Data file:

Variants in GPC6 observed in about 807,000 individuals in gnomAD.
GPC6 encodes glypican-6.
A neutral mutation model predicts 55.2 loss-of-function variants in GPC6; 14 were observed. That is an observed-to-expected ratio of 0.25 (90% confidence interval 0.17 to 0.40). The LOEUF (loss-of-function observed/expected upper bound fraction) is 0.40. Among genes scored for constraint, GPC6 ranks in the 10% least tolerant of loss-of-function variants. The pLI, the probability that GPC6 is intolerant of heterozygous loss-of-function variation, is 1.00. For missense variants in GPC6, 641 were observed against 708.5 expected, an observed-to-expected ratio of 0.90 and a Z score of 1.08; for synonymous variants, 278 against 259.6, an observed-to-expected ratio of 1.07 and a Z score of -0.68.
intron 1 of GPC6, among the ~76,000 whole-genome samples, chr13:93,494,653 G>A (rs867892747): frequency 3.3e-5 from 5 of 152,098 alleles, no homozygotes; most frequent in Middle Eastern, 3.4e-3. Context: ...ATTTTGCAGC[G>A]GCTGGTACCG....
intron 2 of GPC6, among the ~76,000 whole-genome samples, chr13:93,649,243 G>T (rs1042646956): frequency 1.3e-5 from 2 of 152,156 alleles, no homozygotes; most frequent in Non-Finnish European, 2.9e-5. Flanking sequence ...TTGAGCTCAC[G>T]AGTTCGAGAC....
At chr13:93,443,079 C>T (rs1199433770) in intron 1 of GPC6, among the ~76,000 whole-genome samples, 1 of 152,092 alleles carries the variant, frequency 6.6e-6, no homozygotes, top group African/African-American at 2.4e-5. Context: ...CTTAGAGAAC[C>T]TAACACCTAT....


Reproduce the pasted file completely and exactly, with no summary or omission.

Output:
Variants in GPC6 observed in about 807,000 individuals in gnomAD.
GPC6 encodes glypican-6.
A neutral mutation model predicts 55.2 loss-of-function variants in GPC6; 14 were observed. That is an observed-to-expected ratio of 0.25 (90% confidence interval 0.17 to 0.40). The LOEUF (loss-of-function observed/expected upper bound fraction) is 0.40. Among genes scored for constraint, GPC6 ranks in the 10% least tolerant of loss-of-function variants. The pLI, the probability that GPC6 is intolerant of heterozygous loss-of-function variation, is 1.00. For missense variants in GPC6, 641 were observed against 708.5 expected, an observed-to-expected ratio of 0.90 and a Z score of 1.08; for synonymous variants, 278 against 259.6, an observed-to-expected ratio of 1.07 and a Z score of -0.68.
intron 1 of GPC6, among the ~76,000 whole-genome samples, chr13:93,494,653 G>A (rs867892747): frequency 3.3e-5 from 5 of 152,098 alleles, no homozygotes; most frequent in Middle Eastern, 3.4e-3. Context: ...ATTTTGCAGC[G>A]GCTGGTACCG....
intron 2 of GPC6, among the ~76,000 whole-genome samples, chr13:93,649,243 G>T (rs1042646956): frequency 1.3e-5 from 2 of 152,156 alleles, no homozygotes; most frequent in Non-Finnish European, 2.9e-5. Flanking sequence ...TTGAGCTCAC[G>T]AGTTCGAGAC....
At chr13:93,443,079 C>T (rs1199433770) in intron 1 of GPC6, among the ~76,000 whole-genome samples, 1 of 152,092 alleles carries the variant, frequency 6.6e-6, no homozygotes, top group African/African-American at 2.4e-5. Context: ...CTTAGAGAAC[C>T]TAACACCTAT....